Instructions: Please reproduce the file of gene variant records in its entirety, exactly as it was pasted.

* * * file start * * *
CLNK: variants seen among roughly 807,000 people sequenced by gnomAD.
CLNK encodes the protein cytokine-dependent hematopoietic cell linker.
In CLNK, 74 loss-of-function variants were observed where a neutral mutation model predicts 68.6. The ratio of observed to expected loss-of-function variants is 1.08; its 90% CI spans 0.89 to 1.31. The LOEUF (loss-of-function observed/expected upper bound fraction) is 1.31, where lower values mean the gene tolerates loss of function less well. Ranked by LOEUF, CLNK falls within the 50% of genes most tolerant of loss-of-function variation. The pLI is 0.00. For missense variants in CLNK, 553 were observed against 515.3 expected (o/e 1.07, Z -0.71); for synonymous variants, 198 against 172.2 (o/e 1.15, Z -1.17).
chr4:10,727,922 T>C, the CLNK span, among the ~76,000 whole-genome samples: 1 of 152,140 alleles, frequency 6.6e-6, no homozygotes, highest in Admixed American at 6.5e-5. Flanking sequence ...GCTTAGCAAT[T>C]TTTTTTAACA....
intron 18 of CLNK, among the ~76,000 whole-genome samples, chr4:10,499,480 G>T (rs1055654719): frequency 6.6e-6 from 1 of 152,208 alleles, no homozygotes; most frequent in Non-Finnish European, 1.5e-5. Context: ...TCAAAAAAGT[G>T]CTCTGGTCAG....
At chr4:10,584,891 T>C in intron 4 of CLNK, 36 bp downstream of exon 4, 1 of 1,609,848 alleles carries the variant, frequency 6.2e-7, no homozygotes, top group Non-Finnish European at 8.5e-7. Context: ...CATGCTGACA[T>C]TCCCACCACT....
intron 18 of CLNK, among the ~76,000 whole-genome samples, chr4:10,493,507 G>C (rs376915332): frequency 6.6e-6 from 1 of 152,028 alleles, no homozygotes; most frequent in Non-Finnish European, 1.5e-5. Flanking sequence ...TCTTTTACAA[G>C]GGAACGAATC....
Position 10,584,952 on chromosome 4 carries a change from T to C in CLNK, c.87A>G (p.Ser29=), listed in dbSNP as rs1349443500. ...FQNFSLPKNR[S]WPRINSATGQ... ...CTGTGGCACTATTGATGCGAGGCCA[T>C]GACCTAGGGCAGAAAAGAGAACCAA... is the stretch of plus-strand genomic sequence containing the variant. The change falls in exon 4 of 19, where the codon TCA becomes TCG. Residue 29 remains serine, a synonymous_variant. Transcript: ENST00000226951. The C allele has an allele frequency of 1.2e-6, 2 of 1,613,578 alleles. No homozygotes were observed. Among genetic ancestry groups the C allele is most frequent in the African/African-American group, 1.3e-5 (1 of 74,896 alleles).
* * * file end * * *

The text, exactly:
CLNK: variants seen among roughly 807,000 people sequenced by gnomAD.
CLNK encodes the protein cytokine-dependent hematopoietic cell linker.
In CLNK, 74 loss-of-function variants were observed where a neutral mutation model predicts 68.6. The ratio of observed to expected loss-of-function variants is 1.08; its 90% CI spans 0.89 to 1.31. The LOEUF (loss-of-function observed/expected upper bound fraction) is 1.31, where lower values mean the gene tolerates loss of function less well. Ranked by LOEUF, CLNK falls within the 50% of genes most tolerant of loss-of-function variation. The pLI is 0.00. For missense variants in CLNK, 553 were observed against 515.3 expected (o/e 1.07, Z -0.71); for synonymous variants, 198 against 172.2 (o/e 1.15, Z -1.17).
chr4:10,727,922 T>C, the CLNK span, among the ~76,000 whole-genome samples: 1 of 152,140 alleles, frequency 6.6e-6, no homozygotes, highest in Admixed American at 6.5e-5. Flanking sequence ...GCTTAGCAAT[T>C]TTTTTTAACA....
intron 18 of CLNK, among the ~76,000 whole-genome samples, chr4:10,499,480 G>T (rs1055654719): frequency 6.6e-6 from 1 of 152,208 alleles, no homozygotes; most frequent in Non-Finnish European, 1.5e-5. Context: ...TCAAAAAAGT[G>T]CTCTGGTCAG....
At chr4:10,584,891 T>C in intron 4 of CLNK, 36 bp downstream of exon 4, 1 of 1,609,848 alleles carries the variant, frequency 6.2e-7, no homozygotes, top group Non-Finnish European at 8.5e-7. Context: ...CATGCTGACA[T>C]TCCCACCACT....
intron 18 of CLNK, among the ~76,000 whole-genome samples, chr4:10,493,507 G>C (rs376915332): frequency 6.6e-6 from 1 of 152,028 alleles, no homozygotes; most frequent in Non-Finnish European, 1.5e-5. Flanking sequence ...TCTTTTACAA[G>C]GGAACGAATC....
Position 10,584,952 on chromosome 4 carries a change from T to C in CLNK, c.87A>G (p.Ser29=), listed in dbSNP as rs1349443500. ...FQNFSLPKNR[S]WPRINSATGQ... ...CTGTGGCACTATTGATGCGAGGCCA[T>C]GACCTAGGGCAGAAAAGAGAACCAA... is the stretch of plus-strand genomic sequence containing the variant. The change falls in exon 4 of 19, where the codon TCA becomes TCG. Residue 29 remains serine, a synonymous_variant. Transcript: ENST00000226951. The C allele has an allele frequency of 1.2e-6, 2 of 1,613,578 alleles. No homozygotes were observed. Among genetic ancestry groups the C allele is most frequent in the African/African-American group, 1.3e-5 (1 of 74,896 alleles).